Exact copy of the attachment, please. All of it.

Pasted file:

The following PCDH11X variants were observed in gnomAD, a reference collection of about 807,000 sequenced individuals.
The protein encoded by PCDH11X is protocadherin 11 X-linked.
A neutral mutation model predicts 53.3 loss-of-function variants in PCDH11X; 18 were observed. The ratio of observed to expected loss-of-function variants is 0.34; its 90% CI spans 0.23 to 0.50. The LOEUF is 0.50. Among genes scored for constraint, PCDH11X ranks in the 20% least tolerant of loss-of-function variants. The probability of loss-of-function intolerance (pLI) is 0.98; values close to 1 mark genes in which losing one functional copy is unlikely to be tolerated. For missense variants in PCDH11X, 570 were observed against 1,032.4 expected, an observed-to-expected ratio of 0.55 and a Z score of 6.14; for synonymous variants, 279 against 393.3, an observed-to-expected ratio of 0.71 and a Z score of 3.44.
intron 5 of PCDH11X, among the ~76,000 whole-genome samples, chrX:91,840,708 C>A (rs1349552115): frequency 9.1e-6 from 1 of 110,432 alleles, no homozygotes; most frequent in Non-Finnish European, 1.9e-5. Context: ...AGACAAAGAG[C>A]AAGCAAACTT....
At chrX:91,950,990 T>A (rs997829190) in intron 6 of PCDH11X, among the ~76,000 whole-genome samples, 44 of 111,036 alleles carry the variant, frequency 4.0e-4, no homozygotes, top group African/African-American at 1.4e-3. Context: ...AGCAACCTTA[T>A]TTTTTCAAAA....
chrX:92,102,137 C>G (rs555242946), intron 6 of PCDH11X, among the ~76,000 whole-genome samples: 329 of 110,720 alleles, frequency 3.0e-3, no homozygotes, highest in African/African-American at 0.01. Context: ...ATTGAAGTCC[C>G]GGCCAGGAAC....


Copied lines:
The following PCDH11X variants were observed in gnomAD, a reference collection of about 807,000 sequenced individuals.
The protein encoded by PCDH11X is protocadherin 11 X-linked.
A neutral mutation model predicts 53.3 loss-of-function variants in PCDH11X; 18 were observed. The ratio of observed to expected loss-of-function variants is 0.34; its 90% CI spans 0.23 to 0.50. The LOEUF is 0.50. Among genes scored for constraint, PCDH11X ranks in the 20% least tolerant of loss-of-function variants. The probability of loss-of-function intolerance (pLI) is 0.98; values close to 1 mark genes in which losing one functional copy is unlikely to be tolerated. For missense variants in PCDH11X, 570 were observed against 1,032.4 expected, an observed-to-expected ratio of 0.55 and a Z score of 6.14; for synonymous variants, 279 against 393.3, an observed-to-expected ratio of 0.71 and a Z score of 3.44.
intron 5 of PCDH11X, among the ~76,000 whole-genome samples, chrX:91,840,708 C>A (rs1349552115): frequency 9.1e-6 from 1 of 110,432 alleles, no homozygotes; most frequent in Non-Finnish European, 1.9e-5. Context: ...AGACAAAGAG[C>A]AAGCAAACTT....
At chrX:91,950,990 T>A (rs997829190) in intron 6 of PCDH11X, among the ~76,000 whole-genome samples, 44 of 111,036 alleles carry the variant, frequency 4.0e-4, no homozygotes, top group African/African-American at 1.4e-3. Context: ...AGCAACCTTA[T>A]TTTTTCAAAA....
chrX:92,102,137 C>G (rs555242946), intron 6 of PCDH11X, among the ~76,000 whole-genome samples: 329 of 110,720 alleles, frequency 3.0e-3, no homozygotes, highest in African/African-American at 0.01. Context: ...ATTGAAGTCC[C>G]GGCCAGGAAC....